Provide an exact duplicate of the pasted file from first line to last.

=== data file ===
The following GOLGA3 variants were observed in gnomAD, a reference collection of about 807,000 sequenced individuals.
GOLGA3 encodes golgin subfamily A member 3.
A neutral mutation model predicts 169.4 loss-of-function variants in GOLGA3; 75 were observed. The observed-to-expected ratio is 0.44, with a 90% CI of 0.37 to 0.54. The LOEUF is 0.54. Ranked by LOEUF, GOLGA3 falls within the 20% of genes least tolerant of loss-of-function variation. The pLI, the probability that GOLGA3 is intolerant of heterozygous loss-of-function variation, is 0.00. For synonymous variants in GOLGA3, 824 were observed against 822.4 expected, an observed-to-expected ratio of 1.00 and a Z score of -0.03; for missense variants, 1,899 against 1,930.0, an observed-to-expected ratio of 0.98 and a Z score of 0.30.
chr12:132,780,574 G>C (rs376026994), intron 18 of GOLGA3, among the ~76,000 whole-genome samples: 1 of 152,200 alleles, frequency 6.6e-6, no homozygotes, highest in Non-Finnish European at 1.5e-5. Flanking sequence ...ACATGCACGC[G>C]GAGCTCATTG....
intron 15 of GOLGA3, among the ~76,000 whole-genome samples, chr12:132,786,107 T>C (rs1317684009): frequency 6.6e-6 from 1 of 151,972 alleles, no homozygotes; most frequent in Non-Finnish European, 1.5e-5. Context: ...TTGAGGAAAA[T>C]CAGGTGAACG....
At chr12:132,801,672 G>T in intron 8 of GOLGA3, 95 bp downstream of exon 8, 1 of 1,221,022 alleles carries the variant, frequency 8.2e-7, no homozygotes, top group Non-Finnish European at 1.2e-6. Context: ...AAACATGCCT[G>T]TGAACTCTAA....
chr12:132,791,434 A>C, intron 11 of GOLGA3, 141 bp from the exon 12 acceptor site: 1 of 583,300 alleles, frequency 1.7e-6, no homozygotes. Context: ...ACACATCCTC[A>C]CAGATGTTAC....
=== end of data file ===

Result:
The following GOLGA3 variants were observed in gnomAD, a reference collection of about 807,000 sequenced individuals.
GOLGA3 encodes golgin subfamily A member 3.
A neutral mutation model predicts 169.4 loss-of-function variants in GOLGA3; 75 were observed. The observed-to-expected ratio is 0.44, with a 90% CI of 0.37 to 0.54. The LOEUF is 0.54. Ranked by LOEUF, GOLGA3 falls within the 20% of genes least tolerant of loss-of-function variation. The pLI, the probability that GOLGA3 is intolerant of heterozygous loss-of-function variation, is 0.00. For synonymous variants in GOLGA3, 824 were observed against 822.4 expected, an observed-to-expected ratio of 1.00 and a Z score of -0.03; for missense variants, 1,899 against 1,930.0, an observed-to-expected ratio of 0.98 and a Z score of 0.30.
chr12:132,780,574 G>C (rs376026994), intron 18 of GOLGA3, among the ~76,000 whole-genome samples: 1 of 152,200 alleles, frequency 6.6e-6, no homozygotes, highest in Non-Finnish European at 1.5e-5. Flanking sequence ...ACATGCACGC[G>C]GAGCTCATTG....
intron 15 of GOLGA3, among the ~76,000 whole-genome samples, chr12:132,786,107 T>C (rs1317684009): frequency 6.6e-6 from 1 of 151,972 alleles, no homozygotes; most frequent in Non-Finnish European, 1.5e-5. Context: ...TTGAGGAAAA[T>C]CAGGTGAACG....
At chr12:132,801,672 G>T in intron 8 of GOLGA3, 95 bp downstream of exon 8, 1 of 1,221,022 alleles carries the variant, frequency 8.2e-7, no homozygotes, top group Non-Finnish European at 1.2e-6. Context: ...AAACATGCCT[G>T]TGAACTCTAA....
chr12:132,791,434 A>C, intron 11 of GOLGA3, 141 bp from the exon 12 acceptor site: 1 of 583,300 alleles, frequency 1.7e-6, no homozygotes. Context: ...ACACATCCTC[A>C]CAGATGTTAC....